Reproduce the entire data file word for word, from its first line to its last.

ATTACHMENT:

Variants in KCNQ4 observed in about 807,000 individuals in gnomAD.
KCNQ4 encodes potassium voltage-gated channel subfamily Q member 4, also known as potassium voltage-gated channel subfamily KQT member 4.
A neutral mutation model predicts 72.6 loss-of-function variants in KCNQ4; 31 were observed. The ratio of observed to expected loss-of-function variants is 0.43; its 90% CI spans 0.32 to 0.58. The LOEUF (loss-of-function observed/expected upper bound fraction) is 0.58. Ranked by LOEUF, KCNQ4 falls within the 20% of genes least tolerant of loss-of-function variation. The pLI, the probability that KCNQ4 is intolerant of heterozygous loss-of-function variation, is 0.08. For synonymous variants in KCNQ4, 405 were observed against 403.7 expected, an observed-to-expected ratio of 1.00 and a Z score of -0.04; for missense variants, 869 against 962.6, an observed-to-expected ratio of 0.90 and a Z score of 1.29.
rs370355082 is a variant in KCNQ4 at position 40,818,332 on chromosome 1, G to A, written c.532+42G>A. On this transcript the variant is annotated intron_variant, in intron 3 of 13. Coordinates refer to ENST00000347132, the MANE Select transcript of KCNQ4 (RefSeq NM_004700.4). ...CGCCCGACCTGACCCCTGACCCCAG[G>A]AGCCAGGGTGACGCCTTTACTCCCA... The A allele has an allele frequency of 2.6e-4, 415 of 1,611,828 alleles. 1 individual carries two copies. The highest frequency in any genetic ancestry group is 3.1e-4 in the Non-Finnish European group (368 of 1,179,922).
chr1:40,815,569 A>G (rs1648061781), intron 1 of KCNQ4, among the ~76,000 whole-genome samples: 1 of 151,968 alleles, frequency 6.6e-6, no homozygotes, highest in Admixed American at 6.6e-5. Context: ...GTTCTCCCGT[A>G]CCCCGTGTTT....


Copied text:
Variants in KCNQ4 observed in about 807,000 individuals in gnomAD.
KCNQ4 encodes potassium voltage-gated channel subfamily Q member 4, also known as potassium voltage-gated channel subfamily KQT member 4.
A neutral mutation model predicts 72.6 loss-of-function variants in KCNQ4; 31 were observed. The ratio of observed to expected loss-of-function variants is 0.43; its 90% CI spans 0.32 to 0.58. The LOEUF (loss-of-function observed/expected upper bound fraction) is 0.58. Ranked by LOEUF, KCNQ4 falls within the 20% of genes least tolerant of loss-of-function variation. The pLI, the probability that KCNQ4 is intolerant of heterozygous loss-of-function variation, is 0.08. For synonymous variants in KCNQ4, 405 were observed against 403.7 expected, an observed-to-expected ratio of 1.00 and a Z score of -0.04; for missense variants, 869 against 962.6, an observed-to-expected ratio of 0.90 and a Z score of 1.29.
rs370355082 is a variant in KCNQ4 at position 40,818,332 on chromosome 1, G to A, written c.532+42G>A. On this transcript the variant is annotated intron_variant, in intron 3 of 13. Coordinates refer to ENST00000347132, the MANE Select transcript of KCNQ4 (RefSeq NM_004700.4). ...CGCCCGACCTGACCCCTGACCCCAG[G>A]AGCCAGGGTGACGCCTTTACTCCCA... The A allele has an allele frequency of 2.6e-4, 415 of 1,611,828 alleles. 1 individual carries two copies. The highest frequency in any genetic ancestry group is 3.1e-4 in the Non-Finnish European group (368 of 1,179,922).
chr1:40,815,569 A>G (rs1648061781), intron 1 of KCNQ4, among the ~76,000 whole-genome samples: 1 of 151,968 alleles, frequency 6.6e-6, no homozygotes, highest in Admixed American at 6.6e-5. Context: ...GTTCTCCCGT[A>G]CCCCGTGTTT....